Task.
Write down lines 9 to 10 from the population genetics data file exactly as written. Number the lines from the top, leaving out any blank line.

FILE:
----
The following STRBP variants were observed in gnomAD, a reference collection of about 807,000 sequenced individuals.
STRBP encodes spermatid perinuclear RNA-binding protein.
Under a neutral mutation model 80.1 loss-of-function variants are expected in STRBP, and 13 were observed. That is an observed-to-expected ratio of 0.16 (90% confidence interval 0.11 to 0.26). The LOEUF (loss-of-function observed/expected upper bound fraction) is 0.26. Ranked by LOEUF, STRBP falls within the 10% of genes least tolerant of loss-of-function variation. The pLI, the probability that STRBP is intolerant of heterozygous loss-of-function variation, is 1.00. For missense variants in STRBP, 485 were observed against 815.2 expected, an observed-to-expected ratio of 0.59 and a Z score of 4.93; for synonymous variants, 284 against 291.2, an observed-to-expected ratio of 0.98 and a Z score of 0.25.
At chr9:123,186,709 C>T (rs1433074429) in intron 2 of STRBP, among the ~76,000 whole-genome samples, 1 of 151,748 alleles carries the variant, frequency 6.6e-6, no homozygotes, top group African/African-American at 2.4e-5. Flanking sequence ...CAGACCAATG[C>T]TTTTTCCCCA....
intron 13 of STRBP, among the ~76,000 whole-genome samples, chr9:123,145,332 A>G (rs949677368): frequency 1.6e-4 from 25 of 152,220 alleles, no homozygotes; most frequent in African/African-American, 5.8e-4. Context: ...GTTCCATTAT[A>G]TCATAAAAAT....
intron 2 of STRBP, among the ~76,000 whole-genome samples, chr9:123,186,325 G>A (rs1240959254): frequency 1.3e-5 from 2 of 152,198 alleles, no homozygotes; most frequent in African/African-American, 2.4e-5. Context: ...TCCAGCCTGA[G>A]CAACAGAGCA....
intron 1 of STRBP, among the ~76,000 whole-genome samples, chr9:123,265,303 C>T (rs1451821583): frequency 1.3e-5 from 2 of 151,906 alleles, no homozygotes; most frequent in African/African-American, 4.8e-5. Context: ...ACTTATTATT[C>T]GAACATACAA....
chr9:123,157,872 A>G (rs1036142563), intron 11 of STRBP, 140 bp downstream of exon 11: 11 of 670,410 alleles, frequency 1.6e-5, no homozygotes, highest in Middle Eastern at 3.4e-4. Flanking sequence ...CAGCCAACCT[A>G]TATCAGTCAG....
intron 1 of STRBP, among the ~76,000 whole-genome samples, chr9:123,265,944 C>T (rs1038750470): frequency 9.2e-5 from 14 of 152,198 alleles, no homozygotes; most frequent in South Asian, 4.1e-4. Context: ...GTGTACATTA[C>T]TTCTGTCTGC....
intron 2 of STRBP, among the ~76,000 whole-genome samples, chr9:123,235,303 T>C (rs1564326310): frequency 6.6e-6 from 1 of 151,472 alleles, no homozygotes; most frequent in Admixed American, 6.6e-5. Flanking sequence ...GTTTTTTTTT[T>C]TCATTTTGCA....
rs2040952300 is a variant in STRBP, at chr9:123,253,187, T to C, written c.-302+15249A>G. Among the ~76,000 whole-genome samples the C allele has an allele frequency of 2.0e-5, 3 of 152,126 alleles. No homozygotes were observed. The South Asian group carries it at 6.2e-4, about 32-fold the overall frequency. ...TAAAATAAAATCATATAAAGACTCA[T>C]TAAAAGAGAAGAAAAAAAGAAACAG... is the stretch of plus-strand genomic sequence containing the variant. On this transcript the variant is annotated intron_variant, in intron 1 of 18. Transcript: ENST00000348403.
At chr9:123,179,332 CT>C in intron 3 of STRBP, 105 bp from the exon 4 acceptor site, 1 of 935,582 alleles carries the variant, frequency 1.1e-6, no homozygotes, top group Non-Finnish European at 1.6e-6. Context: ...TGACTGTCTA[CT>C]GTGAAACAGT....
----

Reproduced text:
intron 1 of STRBP, among the ~76,000 whole-genome samples, chr9:123,265,944 C>T (rs1038750470): frequency 9.2e-5 from 14 of 152,198 alleles, no homozygotes; most frequent in South Asian, 4.1e-4. Context: ...GTGTACATTA[C>T]TTCTGTCTGC....
intron 2 of STRBP, among the ~76,000 whole-genome samples, chr9:123,235,303 T>C (rs1564326310): frequency 6.6e-6 from 1 of 151,472 alleles, no homozygotes; most frequent in Admixed American, 6.6e-5. Flanking sequence ...GTTTTTTTTT[T>C]TCATTTTGCA....